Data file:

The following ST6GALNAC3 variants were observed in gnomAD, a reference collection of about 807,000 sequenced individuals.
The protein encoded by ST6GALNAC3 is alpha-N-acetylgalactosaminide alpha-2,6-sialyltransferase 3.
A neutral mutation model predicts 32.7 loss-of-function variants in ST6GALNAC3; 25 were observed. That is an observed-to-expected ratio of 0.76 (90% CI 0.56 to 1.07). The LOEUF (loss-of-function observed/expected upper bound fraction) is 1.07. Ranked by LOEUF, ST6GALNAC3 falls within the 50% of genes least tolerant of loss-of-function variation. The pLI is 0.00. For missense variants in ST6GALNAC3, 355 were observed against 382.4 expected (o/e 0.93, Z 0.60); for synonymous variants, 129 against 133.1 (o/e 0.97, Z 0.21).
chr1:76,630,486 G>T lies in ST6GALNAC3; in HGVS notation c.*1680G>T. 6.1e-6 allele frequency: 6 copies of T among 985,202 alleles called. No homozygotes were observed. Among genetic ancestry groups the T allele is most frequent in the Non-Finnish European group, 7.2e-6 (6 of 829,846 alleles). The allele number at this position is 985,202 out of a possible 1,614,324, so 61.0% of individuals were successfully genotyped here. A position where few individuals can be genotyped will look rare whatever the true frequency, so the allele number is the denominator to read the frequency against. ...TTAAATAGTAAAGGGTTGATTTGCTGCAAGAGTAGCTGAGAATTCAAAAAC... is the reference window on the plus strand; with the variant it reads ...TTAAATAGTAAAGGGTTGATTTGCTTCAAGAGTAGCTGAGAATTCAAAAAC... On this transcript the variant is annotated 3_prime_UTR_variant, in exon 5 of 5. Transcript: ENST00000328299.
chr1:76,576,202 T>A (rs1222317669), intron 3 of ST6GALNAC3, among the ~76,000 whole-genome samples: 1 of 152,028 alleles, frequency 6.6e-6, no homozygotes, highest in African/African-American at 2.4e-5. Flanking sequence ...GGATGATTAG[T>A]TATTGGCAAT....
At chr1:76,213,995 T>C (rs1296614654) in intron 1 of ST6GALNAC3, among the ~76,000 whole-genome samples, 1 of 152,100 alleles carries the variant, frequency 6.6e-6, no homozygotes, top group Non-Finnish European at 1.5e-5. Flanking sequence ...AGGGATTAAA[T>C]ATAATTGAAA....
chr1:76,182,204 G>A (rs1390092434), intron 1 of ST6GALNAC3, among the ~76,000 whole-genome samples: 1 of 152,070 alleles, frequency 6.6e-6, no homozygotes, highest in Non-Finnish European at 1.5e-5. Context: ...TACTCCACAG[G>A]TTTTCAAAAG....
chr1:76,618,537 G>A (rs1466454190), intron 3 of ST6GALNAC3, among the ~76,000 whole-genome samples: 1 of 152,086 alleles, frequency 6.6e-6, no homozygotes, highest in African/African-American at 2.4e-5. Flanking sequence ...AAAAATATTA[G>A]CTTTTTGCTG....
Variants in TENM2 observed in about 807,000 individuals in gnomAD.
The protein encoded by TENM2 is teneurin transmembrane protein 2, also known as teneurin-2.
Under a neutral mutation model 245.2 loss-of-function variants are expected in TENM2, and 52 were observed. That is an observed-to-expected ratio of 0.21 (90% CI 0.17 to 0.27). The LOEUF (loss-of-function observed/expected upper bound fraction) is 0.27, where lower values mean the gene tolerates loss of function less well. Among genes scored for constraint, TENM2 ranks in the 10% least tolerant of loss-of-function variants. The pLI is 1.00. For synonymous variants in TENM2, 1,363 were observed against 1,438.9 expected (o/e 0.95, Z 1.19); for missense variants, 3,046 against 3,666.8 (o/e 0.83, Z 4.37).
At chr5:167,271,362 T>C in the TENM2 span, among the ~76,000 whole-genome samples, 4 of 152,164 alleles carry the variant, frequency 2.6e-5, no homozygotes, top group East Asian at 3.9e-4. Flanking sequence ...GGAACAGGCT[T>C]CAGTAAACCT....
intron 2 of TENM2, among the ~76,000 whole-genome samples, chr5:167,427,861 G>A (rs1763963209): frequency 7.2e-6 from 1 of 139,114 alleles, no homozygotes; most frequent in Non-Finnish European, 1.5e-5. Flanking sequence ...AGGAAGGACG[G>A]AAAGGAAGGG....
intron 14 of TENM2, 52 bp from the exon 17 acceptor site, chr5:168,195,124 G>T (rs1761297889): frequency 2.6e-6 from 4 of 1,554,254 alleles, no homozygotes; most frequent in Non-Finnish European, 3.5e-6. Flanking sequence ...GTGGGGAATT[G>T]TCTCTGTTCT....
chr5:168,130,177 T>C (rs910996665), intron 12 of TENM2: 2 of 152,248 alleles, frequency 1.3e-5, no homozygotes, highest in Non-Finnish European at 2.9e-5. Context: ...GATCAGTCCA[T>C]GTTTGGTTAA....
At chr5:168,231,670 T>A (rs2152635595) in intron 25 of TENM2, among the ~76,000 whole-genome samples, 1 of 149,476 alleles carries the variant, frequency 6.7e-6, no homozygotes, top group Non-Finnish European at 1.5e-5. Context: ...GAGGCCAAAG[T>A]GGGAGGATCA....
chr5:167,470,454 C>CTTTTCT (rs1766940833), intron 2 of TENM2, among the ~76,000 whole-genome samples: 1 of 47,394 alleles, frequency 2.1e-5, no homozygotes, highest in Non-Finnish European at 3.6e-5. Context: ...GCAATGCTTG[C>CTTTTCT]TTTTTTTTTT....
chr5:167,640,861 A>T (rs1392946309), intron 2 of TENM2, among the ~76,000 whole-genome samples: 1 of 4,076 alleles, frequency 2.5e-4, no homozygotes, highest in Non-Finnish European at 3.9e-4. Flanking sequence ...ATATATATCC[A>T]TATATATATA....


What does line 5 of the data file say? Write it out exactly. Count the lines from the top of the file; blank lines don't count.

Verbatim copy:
chr1:76,576,202 T>A (rs1222317669), intron 3 of ST6GALNAC3, among the ~76,000 whole-genome samples: 1 of 152,028 alleles, frequency 6.6e-6, no homozygotes, highest in African/African-American at 2.4e-5. Flanking sequence ...GGATGATTAG[T>A]TATTGGCAAT....